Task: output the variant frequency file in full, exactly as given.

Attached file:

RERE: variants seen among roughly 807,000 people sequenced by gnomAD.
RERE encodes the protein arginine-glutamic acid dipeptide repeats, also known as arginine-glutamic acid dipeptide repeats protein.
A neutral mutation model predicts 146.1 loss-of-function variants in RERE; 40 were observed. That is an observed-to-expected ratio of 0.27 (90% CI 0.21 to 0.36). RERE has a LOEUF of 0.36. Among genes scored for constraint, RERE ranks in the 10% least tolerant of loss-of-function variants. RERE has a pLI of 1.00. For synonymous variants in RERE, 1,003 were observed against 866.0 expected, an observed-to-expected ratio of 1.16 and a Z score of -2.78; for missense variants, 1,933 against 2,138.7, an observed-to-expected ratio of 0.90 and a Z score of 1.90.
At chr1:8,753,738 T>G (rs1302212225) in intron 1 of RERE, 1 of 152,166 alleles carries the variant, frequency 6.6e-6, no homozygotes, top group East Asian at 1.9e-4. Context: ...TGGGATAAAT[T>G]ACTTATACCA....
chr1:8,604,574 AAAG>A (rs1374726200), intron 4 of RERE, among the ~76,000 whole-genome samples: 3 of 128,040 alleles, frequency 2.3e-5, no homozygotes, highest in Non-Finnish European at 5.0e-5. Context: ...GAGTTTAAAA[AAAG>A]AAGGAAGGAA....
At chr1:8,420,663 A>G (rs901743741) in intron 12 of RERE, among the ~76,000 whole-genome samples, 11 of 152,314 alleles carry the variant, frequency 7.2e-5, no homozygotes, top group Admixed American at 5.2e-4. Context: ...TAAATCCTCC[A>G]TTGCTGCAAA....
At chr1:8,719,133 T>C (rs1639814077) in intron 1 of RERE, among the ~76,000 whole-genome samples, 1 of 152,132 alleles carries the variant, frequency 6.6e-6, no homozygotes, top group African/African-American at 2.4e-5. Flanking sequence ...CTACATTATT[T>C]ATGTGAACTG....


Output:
RERE: variants seen among roughly 807,000 people sequenced by gnomAD.
RERE encodes the protein arginine-glutamic acid dipeptide repeats, also known as arginine-glutamic acid dipeptide repeats protein.
A neutral mutation model predicts 146.1 loss-of-function variants in RERE; 40 were observed. That is an observed-to-expected ratio of 0.27 (90% CI 0.21 to 0.36). RERE has a LOEUF of 0.36. Among genes scored for constraint, RERE ranks in the 10% least tolerant of loss-of-function variants. RERE has a pLI of 1.00. For synonymous variants in RERE, 1,003 were observed against 866.0 expected, an observed-to-expected ratio of 1.16 and a Z score of -2.78; for missense variants, 1,933 against 2,138.7, an observed-to-expected ratio of 0.90 and a Z score of 1.90.
At chr1:8,753,738 T>G (rs1302212225) in intron 1 of RERE, 1 of 152,166 alleles carries the variant, frequency 6.6e-6, no homozygotes, top group East Asian at 1.9e-4. Context: ...TGGGATAAAT[T>G]ACTTATACCA....
chr1:8,604,574 AAAG>A (rs1374726200), intron 4 of RERE, among the ~76,000 whole-genome samples: 3 of 128,040 alleles, frequency 2.3e-5, no homozygotes, highest in Non-Finnish European at 5.0e-5. Context: ...GAGTTTAAAA[AAAG>A]AAGGAAGGAA....
At chr1:8,420,663 A>G (rs901743741) in intron 12 of RERE, among the ~76,000 whole-genome samples, 11 of 152,314 alleles carry the variant, frequency 7.2e-5, no homozygotes, top group Admixed American at 5.2e-4. Context: ...TAAATCCTCC[A>G]TTGCTGCAAA....
At chr1:8,719,133 T>C (rs1639814077) in intron 1 of RERE, among the ~76,000 whole-genome samples, 1 of 152,132 alleles carries the variant, frequency 6.6e-6, no homozygotes, top group African/African-American at 2.4e-5. Flanking sequence ...CTACATTATT[T>C]ATGTGAACTG....